10. " As microbiologist Milton H. Saier Jr. has noted: "In considering the logistics of the conclusions made by Gophna et al. [10], it should be noted that Fla[gellar] systems have been able to diverge in structure so as to span either one membrane or two in the envelopes of Gram-positive and Gram-negative bacteria, respectively. So why haven't T3SSs? The most plausible explanation considers that T3SSs arose late from preexisting Gram-negative bacterial Fla[gellar] systems" ("Evolution of Bacterial Type III Protein Secretion Systems"). Additionally, as Saier observes, mutation­density studies have shown that the T3SS and flagellar motor genes have roughly equivalent ages. Saier regards these studies as less definitive than phylogenetic studies because of their assumption of a constant rate of evolutionary change, i.e., that mutation rates function as a consistent "molecular clock." But even if these studies yield accurate conclusions, they are consistent with the possibility of independent design or with an extremely rapid devolution of the T3SS from the flagellar motor, both of which are possibilities that would challenge the co-option hypothesis. This is the case, because it would presumably take longer to build a new system than to offload parts of an old one. Saier himself has recently changed his mind about his 2004 claim that the flagellar motor is older than the T3SS. He now favors the view that both the T3SS and the flagellar motor share a common ancestor. Nevertheless, he offers little empirical justification for this new view."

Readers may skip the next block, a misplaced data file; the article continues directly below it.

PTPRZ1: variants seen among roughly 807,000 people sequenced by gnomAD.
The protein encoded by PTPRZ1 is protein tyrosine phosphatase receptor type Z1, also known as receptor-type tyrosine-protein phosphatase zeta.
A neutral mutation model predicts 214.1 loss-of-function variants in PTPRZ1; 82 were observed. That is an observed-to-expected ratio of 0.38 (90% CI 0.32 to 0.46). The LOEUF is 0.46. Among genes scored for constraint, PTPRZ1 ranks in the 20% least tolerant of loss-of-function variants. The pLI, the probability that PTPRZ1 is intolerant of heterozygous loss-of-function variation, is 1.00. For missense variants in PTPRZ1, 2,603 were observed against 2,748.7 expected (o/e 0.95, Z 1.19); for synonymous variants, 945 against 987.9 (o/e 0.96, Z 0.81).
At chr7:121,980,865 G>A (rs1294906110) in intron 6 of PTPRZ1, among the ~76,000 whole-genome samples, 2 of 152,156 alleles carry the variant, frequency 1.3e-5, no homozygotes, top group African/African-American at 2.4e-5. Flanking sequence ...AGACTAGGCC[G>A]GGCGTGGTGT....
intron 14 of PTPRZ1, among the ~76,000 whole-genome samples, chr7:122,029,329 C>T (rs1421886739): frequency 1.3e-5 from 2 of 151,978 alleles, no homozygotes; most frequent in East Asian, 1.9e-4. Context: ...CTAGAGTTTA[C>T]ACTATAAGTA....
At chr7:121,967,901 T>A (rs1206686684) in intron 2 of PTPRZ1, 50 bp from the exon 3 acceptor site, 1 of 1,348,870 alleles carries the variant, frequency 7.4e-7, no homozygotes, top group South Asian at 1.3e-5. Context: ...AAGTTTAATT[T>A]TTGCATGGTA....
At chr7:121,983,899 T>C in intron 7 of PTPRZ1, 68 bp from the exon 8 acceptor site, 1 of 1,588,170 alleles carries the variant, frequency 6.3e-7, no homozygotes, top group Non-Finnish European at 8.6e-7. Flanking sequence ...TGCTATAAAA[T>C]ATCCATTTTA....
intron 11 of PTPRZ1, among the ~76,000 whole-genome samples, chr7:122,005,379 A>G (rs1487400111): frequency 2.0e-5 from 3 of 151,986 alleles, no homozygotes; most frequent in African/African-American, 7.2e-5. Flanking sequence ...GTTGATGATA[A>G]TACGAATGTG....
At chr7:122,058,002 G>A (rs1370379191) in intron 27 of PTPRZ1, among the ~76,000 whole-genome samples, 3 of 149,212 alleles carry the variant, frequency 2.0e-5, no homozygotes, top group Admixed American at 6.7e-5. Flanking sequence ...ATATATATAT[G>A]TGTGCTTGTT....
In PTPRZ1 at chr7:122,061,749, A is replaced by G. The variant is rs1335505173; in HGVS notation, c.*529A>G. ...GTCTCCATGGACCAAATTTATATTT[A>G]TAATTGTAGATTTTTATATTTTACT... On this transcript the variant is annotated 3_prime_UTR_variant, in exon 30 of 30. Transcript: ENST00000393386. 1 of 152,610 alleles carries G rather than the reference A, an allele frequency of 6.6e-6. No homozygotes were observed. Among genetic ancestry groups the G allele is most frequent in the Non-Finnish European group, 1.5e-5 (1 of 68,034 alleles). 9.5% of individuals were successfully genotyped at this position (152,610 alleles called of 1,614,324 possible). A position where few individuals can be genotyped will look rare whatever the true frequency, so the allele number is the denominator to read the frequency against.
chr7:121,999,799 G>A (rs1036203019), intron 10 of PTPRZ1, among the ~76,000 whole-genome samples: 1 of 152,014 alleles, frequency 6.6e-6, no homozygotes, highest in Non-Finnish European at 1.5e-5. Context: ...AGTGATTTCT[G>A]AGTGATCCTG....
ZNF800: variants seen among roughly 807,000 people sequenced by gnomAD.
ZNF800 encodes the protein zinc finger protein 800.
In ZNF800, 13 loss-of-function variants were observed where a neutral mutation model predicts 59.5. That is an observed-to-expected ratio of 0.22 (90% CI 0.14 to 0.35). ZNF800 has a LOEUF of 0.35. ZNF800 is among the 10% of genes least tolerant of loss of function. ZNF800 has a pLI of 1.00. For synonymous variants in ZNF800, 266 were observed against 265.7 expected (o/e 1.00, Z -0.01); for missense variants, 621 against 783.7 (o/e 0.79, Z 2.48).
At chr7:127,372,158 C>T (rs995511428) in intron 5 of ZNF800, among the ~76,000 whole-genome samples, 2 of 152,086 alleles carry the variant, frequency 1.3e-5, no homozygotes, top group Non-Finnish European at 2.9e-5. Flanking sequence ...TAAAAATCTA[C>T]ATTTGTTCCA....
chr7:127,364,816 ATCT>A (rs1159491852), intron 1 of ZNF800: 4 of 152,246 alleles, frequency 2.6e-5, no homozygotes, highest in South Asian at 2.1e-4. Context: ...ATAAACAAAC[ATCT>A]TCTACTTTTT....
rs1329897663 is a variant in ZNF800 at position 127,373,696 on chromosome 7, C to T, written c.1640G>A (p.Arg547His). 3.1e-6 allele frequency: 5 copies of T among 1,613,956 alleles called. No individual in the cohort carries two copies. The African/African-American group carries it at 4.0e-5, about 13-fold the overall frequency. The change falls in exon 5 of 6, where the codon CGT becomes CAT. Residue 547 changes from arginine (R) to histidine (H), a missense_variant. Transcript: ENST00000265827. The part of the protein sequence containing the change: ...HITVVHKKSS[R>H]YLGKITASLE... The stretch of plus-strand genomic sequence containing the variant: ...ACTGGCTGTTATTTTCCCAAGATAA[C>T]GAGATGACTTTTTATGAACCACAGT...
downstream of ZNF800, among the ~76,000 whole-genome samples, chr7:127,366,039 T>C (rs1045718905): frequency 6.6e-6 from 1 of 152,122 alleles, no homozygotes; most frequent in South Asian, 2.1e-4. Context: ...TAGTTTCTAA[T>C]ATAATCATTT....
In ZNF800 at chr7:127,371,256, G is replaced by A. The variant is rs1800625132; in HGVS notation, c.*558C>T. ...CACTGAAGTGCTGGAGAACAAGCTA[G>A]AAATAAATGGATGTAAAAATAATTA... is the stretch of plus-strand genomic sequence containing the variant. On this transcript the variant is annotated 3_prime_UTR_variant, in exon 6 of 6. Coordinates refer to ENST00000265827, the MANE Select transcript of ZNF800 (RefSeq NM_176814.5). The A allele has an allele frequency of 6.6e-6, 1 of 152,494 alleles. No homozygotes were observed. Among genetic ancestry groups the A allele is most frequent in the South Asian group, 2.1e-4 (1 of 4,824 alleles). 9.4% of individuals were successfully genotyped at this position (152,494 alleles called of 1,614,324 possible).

To unsubscribe, send a message to with
"unsubscribe asa" (no quotes) as the body of the message.
Received on Thu Sep 17 20:48:19 2009

This archive was generated by hypermail 2.1.8 : Thu Sep 17 2009 - 20:48:19 EDT